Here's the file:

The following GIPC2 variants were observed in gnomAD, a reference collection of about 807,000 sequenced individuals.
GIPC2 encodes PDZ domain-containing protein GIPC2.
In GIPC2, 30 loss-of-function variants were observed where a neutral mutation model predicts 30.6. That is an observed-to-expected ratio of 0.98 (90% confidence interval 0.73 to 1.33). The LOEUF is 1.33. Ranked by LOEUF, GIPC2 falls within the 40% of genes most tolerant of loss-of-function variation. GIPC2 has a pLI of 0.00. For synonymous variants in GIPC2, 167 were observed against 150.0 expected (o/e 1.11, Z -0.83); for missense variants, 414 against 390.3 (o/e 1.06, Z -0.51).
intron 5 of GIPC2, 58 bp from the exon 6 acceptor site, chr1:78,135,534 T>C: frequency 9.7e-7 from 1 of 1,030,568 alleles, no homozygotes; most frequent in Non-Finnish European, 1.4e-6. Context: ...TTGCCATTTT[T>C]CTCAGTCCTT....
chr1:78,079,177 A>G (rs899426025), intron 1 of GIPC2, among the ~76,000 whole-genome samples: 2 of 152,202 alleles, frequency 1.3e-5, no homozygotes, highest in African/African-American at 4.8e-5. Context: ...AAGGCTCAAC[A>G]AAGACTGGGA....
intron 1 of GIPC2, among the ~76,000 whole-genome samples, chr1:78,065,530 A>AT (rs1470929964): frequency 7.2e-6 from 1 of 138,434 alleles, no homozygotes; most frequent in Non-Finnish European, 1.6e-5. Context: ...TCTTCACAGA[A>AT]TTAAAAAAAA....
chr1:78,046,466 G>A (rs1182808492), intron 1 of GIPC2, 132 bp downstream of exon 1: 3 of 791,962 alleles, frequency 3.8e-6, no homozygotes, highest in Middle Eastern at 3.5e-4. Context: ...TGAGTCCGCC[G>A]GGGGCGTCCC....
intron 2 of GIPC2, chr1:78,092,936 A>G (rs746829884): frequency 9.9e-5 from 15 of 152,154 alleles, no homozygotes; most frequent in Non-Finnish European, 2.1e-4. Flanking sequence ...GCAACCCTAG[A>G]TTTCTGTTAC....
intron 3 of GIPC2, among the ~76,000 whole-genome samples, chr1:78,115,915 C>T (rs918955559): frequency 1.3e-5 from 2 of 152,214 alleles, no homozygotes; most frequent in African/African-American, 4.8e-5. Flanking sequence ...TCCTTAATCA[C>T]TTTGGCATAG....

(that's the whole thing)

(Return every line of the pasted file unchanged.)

The following GIPC2 variants were observed in gnomAD, a reference collection of about 807,000 sequenced individuals.
GIPC2 encodes PDZ domain-containing protein GIPC2.
In GIPC2, 30 loss-of-function variants were observed where a neutral mutation model predicts 30.6. That is an observed-to-expected ratio of 0.98 (90% confidence interval 0.73 to 1.33). The LOEUF is 1.33. Ranked by LOEUF, GIPC2 falls within the 40% of genes most tolerant of loss-of-function variation. GIPC2 has a pLI of 0.00. For synonymous variants in GIPC2, 167 were observed against 150.0 expected (o/e 1.11, Z -0.83); for missense variants, 414 against 390.3 (o/e 1.06, Z -0.51).
intron 5 of GIPC2, 58 bp from the exon 6 acceptor site, chr1:78,135,534 T>C: frequency 9.7e-7 from 1 of 1,030,568 alleles, no homozygotes; most frequent in Non-Finnish European, 1.4e-6. Context: ...TTGCCATTTT[T>C]CTCAGTCCTT....
chr1:78,079,177 A>G (rs899426025), intron 1 of GIPC2, among the ~76,000 whole-genome samples: 2 of 152,202 alleles, frequency 1.3e-5, no homozygotes, highest in African/African-American at 4.8e-5. Context: ...AAGGCTCAAC[A>G]AAGACTGGGA....
intron 1 of GIPC2, among the ~76,000 whole-genome samples, chr1:78,065,530 A>AT (rs1470929964): frequency 7.2e-6 from 1 of 138,434 alleles, no homozygotes; most frequent in Non-Finnish European, 1.6e-5. Context: ...TCTTCACAGA[A>AT]TTAAAAAAAA....
chr1:78,046,466 G>A (rs1182808492), intron 1 of GIPC2, 132 bp downstream of exon 1: 3 of 791,962 alleles, frequency 3.8e-6, no homozygotes, highest in Middle Eastern at 3.5e-4. Context: ...TGAGTCCGCC[G>A]GGGGCGTCCC....
intron 2 of GIPC2, chr1:78,092,936 A>G (rs746829884): frequency 9.9e-5 from 15 of 152,154 alleles, no homozygotes; most frequent in Non-Finnish European, 2.1e-4. Flanking sequence ...GCAACCCTAG[A>G]TTTCTGTTAC....
intron 3 of GIPC2, among the ~76,000 whole-genome samples, chr1:78,115,915 C>T (rs918955559): frequency 1.3e-5 from 2 of 152,214 alleles, no homozygotes; most frequent in African/African-American, 4.8e-5. Flanking sequence ...TCCTTAATCA[C>T]TTTGGCATAG....